• Continue to assess the water sources.

June 1-30

  • If drought conditions occur in June, expect reduced forage production of 30% to 70% or more, depending on the timing and amount of rain, severity of the drought and past management. Plan for removing cattle earlier, reducing the stocking rate, weaning calves early or culling cows. Assess the establishment and stand quality of summer annual forages and soil moisture conditions.
  • Graze pastures that have drinking water shortages later in the grazing season, saving pastures with better water resources for summer use.
  • If hot, dry conditions persist, monitor dugouts and ponds for cyanobacteria (blue-green algae), which is toxic to livestock. Restrict livestock’s access to the water if it is toxic.
  • Take precautions to prevent nitrate poisoning because some plants accumulate nitrates during periods of drought.
  • Maintain a monitoring plan to measure utilization and minimize overgrazing.
  • Continue to assess the water sources.

July 1-30

  • If drought conditions persist throughout July, expect reduced forage production of 50% or more, depending on the severity of the drought. Plan for removing cattle earlier, culling cows, weaning calves early or moving to alternative forages or crop residue earlier than planned.
  • Assess the establishment and stand quality of late-planted summer annual forages and soil moisture conditions.
  • Maintain a monitoring plan to measure utilization and minimize overgrazing.
  • Assess current year and carryover winter feed inventories. Purchase hay resources as needed.
  • Continue to assess the water sources.

Aug. 1-30

  • If drought conditions persist throughout August, expect reduced forage production of 70% or more because plant growth will die off earlier than normal and standing feed will be reduced. Expect lower-quality feed and lower cow performance unless cattle are supplemented with high-quality feed.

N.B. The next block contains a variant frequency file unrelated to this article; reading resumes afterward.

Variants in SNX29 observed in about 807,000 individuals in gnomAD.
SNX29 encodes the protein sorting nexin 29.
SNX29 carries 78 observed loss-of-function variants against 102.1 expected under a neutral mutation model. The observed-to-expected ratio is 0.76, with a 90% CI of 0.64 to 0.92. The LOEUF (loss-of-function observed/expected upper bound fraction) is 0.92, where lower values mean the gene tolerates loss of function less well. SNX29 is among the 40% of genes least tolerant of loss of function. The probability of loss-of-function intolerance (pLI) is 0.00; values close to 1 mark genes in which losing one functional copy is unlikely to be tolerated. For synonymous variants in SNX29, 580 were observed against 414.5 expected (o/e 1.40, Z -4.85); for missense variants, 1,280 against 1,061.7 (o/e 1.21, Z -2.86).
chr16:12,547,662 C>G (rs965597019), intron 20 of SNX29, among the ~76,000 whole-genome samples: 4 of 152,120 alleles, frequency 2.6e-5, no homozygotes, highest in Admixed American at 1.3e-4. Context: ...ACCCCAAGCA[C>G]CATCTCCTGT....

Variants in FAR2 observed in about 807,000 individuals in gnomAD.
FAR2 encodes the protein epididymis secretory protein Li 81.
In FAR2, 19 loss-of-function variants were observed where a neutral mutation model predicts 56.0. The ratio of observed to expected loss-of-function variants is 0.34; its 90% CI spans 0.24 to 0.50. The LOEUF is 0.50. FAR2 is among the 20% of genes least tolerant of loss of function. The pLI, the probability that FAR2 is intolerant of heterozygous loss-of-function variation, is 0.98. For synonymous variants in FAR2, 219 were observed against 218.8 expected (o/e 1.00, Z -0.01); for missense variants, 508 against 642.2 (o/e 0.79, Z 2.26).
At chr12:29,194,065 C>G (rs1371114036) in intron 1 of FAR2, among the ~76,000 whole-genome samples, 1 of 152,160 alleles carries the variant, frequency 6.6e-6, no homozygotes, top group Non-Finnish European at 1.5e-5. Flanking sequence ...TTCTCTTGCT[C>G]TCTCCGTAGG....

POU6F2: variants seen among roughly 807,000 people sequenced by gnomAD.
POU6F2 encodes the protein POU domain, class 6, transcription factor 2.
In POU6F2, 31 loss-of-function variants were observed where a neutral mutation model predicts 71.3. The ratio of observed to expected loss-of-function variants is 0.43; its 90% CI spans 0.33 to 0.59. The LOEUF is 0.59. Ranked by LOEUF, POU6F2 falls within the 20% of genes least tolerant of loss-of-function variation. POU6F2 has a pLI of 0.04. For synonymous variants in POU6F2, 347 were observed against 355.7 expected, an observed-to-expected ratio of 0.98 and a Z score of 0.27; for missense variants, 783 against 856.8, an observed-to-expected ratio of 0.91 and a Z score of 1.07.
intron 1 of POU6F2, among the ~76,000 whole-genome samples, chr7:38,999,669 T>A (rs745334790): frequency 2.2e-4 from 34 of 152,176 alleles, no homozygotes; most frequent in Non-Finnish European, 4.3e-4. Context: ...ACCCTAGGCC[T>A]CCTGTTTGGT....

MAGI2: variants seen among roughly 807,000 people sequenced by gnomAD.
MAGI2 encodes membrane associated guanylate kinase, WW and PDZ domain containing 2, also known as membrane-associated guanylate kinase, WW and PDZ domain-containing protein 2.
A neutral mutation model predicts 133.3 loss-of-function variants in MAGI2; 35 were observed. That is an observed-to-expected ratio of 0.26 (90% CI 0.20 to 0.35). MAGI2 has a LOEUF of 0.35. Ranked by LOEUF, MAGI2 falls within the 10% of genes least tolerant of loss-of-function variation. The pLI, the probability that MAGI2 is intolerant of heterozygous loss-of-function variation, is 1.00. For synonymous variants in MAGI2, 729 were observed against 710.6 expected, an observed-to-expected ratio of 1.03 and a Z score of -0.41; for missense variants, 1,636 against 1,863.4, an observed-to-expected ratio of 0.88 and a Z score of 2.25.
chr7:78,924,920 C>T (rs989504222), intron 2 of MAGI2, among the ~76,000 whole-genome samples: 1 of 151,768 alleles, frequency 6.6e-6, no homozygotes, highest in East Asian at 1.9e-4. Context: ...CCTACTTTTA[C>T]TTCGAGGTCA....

• Maintain a monitoring plan to measure utilization and minimize overgrazing.
  • Continue to assess the water sources.

Sept. 1-30

  • Make a final assessment of the yield of annual forages grown for late-season grazing.
  • Inventory other harvested feed and determine the quantity of crop residue on cropland.
  • Estimate the amount of forage in winter pastures.
  • Maintain a monitoring plan to measure utilization and minimize overgrazing.
  • Continue to assess the water sources.

Oct. 1-30

  • Use September through October precipitation to predict stocking rates for the next growing season. Start planning for future needs and changes.

“Having a plan in place with well-defined trigger dates for implementing drought management strategies will help you get through the drought and minimizes losses,” Sedivec says. “The longer you wait to make management decisions, the fewer option will be available and the greater the risk for losses.”

These resources can help producers develop a plan to fit their operation: